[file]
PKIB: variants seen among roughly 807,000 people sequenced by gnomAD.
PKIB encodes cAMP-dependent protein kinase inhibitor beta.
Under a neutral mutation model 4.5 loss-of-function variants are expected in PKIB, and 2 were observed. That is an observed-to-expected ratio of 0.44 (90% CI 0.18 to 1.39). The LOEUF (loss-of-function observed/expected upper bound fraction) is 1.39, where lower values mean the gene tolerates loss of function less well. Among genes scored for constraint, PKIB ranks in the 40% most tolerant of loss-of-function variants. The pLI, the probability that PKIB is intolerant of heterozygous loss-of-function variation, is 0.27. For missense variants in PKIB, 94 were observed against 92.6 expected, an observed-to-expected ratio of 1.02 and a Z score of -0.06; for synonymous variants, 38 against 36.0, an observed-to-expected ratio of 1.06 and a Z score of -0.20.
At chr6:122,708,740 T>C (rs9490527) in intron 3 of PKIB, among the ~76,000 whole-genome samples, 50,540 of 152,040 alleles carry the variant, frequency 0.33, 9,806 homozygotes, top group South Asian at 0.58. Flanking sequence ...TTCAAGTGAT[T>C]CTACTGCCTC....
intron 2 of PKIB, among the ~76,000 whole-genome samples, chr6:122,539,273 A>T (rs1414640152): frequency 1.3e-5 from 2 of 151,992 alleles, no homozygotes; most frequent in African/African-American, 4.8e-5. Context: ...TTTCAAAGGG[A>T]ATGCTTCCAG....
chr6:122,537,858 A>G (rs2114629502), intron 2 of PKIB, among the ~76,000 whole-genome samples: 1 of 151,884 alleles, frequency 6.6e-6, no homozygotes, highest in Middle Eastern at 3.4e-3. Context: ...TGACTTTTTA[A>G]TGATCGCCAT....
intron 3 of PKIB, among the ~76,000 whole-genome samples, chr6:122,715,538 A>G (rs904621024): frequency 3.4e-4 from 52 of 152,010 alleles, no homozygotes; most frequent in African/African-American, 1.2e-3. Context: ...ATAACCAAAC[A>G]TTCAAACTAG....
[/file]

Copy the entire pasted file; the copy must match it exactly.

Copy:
PKIB: variants seen among roughly 807,000 people sequenced by gnomAD.
PKIB encodes cAMP-dependent protein kinase inhibitor beta.
Under a neutral mutation model 4.5 loss-of-function variants are expected in PKIB, and 2 were observed. That is an observed-to-expected ratio of 0.44 (90% CI 0.18 to 1.39). The LOEUF (loss-of-function observed/expected upper bound fraction) is 1.39, where lower values mean the gene tolerates loss of function less well. Among genes scored for constraint, PKIB ranks in the 40% most tolerant of loss-of-function variants. The pLI, the probability that PKIB is intolerant of heterozygous loss-of-function variation, is 0.27. For missense variants in PKIB, 94 were observed against 92.6 expected, an observed-to-expected ratio of 1.02 and a Z score of -0.06; for synonymous variants, 38 against 36.0, an observed-to-expected ratio of 1.06 and a Z score of -0.20.
At chr6:122,708,740 T>C (rs9490527) in intron 3 of PKIB, among the ~76,000 whole-genome samples, 50,540 of 152,040 alleles carry the variant, frequency 0.33, 9,806 homozygotes, top group South Asian at 0.58. Flanking sequence ...TTCAAGTGAT[T>C]CTACTGCCTC....
intron 2 of PKIB, among the ~76,000 whole-genome samples, chr6:122,539,273 A>T (rs1414640152): frequency 1.3e-5 from 2 of 151,992 alleles, no homozygotes; most frequent in African/African-American, 4.8e-5. Context: ...TTTCAAAGGG[A>T]ATGCTTCCAG....
chr6:122,537,858 A>G (rs2114629502), intron 2 of PKIB, among the ~76,000 whole-genome samples: 1 of 151,884 alleles, frequency 6.6e-6, no homozygotes, highest in Middle Eastern at 3.4e-3. Context: ...TGACTTTTTA[A>G]TGATCGCCAT....
intron 3 of PKIB, among the ~76,000 whole-genome samples, chr6:122,715,538 A>G (rs904621024): frequency 3.4e-4 from 52 of 152,010 alleles, no homozygotes; most frequent in African/African-American, 1.2e-3. Context: ...ATAACCAAAC[A>G]TTCAAACTAG....